Indiewebcamp and Web Intents

In June 2011 I made the journey to IndieWebcamp in Portland where Web Intents became quite a big topic. For an introduction to Web Intents read my last blog post “Web Intents – Gluing web functionally together

On the first day Chris Messina led a discussion that started with the architecture and focused in the possibilities of hijacking social buttons and turning them into Web Intents. Ben Ward carried on the discussion in another session.

The Web Intents could possibly fix the unwanted button issue and also allow large publishers and individuals to provide services on an equal footing. It’s this property which was so interesting to the people at IndieWebcamp.

Brainstorm user experience

At the end of IndieWebcamp Tantek Çelik and Erin Jo Richey brainstormed the current social sharing user experience and Web Intents. Erin posted a blog entry which has her thoughts on a possible user interface design. Tantek also posted a thoughtful piece that tries to give a historical context and future path for development through the studying of current use cases. There are some interesting comments on Goggle+ about Tantek’s post. Erin and Tantek have also put forward a talk for SXSWi on the subject.

Declarative mark-up for current social button patterns

Some of the discussion at IndieWebcamp was focused on whether we could use a browser extension to hijack current social buttons and overlay the Web Intents concept. The question asked was could we change a Facebook ‘Like’ button into a share button that used the registered Web Intents instead?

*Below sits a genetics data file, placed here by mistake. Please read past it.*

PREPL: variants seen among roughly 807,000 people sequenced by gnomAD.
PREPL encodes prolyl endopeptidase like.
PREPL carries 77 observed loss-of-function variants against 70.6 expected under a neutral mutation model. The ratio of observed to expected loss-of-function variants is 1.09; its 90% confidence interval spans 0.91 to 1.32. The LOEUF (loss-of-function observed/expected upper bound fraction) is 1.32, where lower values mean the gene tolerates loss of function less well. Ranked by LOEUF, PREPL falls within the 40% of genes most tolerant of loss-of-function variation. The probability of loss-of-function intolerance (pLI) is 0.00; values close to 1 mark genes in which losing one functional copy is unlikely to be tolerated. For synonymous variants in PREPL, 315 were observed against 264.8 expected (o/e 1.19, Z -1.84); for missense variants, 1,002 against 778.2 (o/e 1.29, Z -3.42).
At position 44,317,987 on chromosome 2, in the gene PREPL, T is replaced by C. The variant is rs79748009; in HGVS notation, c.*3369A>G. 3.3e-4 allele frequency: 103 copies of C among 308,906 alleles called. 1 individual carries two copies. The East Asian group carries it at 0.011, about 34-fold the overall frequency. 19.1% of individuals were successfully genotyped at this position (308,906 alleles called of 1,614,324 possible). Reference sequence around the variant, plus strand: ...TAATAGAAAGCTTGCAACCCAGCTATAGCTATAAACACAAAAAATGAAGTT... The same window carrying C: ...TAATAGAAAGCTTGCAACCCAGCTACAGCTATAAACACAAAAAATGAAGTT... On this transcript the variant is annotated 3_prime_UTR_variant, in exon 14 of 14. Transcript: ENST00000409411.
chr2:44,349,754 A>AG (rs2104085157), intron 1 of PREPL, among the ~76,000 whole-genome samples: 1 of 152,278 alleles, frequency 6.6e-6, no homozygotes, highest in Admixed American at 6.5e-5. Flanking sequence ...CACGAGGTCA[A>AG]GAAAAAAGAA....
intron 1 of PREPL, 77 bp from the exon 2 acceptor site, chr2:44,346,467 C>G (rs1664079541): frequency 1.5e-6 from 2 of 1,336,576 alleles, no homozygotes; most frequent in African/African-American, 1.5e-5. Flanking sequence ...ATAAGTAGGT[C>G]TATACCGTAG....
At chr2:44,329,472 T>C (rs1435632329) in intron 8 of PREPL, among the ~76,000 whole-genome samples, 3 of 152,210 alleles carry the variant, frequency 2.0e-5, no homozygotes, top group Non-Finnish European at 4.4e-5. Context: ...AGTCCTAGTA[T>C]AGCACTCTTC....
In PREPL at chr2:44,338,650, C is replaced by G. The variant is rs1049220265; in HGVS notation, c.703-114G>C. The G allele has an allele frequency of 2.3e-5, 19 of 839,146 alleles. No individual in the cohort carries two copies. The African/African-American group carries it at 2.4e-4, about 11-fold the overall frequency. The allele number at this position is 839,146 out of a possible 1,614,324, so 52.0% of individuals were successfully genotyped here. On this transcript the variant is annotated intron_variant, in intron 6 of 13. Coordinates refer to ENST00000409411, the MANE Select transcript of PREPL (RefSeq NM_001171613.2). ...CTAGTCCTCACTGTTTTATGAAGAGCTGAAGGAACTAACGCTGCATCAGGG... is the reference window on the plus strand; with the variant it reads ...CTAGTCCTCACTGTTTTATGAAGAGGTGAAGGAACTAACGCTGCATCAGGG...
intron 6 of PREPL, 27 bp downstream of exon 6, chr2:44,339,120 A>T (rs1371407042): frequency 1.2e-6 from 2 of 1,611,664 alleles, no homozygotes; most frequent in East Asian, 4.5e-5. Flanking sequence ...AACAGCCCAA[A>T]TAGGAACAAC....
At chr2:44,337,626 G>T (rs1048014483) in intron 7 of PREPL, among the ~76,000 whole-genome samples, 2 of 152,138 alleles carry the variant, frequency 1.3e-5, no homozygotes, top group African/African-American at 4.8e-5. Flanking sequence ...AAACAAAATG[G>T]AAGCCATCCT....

At the hacking session I started to build a prototype browser extension. It was primarily aimed at exploring the use of declarative mark-up as social button design pattern.

You need three elements to make Web Intents work the first is a browser based management interface. In this case I created a Firefox extension, a method to register the intent and a method to subscribe to the intent.

Web Intent registration

Ben Ward codified a hypothetical manifest structure for the Twitter Web Intents. It contains concepts for property name mapping and proprietary requirements. He based it on his experience of the Twitter Web Intents API. I have since added to the structure a little.

The registration of a service or group of services using JavaScript would typically look like this: />


function init(){
    window.intents.register({
        ‘vendor’: ‘Twitter’,
        ‘intents’: [
            {
                'name': "Tweet Link",
                'verb': 'share',
                'type': 'url',
                'required_params': ['url'],
                ‘url’: ‘http://twitter.com/share’},
            {
                ‘name’: "Retweet",
                ‘verb’: ‘share’,
                ‘type’: ‘status’,
                ‘required_params’: ['tweet_id'],
                ‘url’: ‘http://twitter.com/intent/retweet’,
                ‘param_map’: {‘object_id’: ‘tweet_id’}
            }
        ]
    });
}

window.addEventListener(‘load’, init, false);

Subscribing to a Web Intent

I built the subscription around the use of HTML5 ‘data-‘ attributes. This type of attribute can be used to provide all the additional information for a Web Intent. Its use would allow for progressive enhancement of a standard HTML link.

There are two distinct groups of attribute. The first group contains ‘data-verb’, ‘data-type’ and ‘data-url‘ which would be mandatory. Providing all the data needed to define a Web Intent.


Bookmark link

The ‘date-text’ attribute is an example of an optional data type. Supplying additional data would help the services to pre-fill forms that are presented to the user and improve the user experience.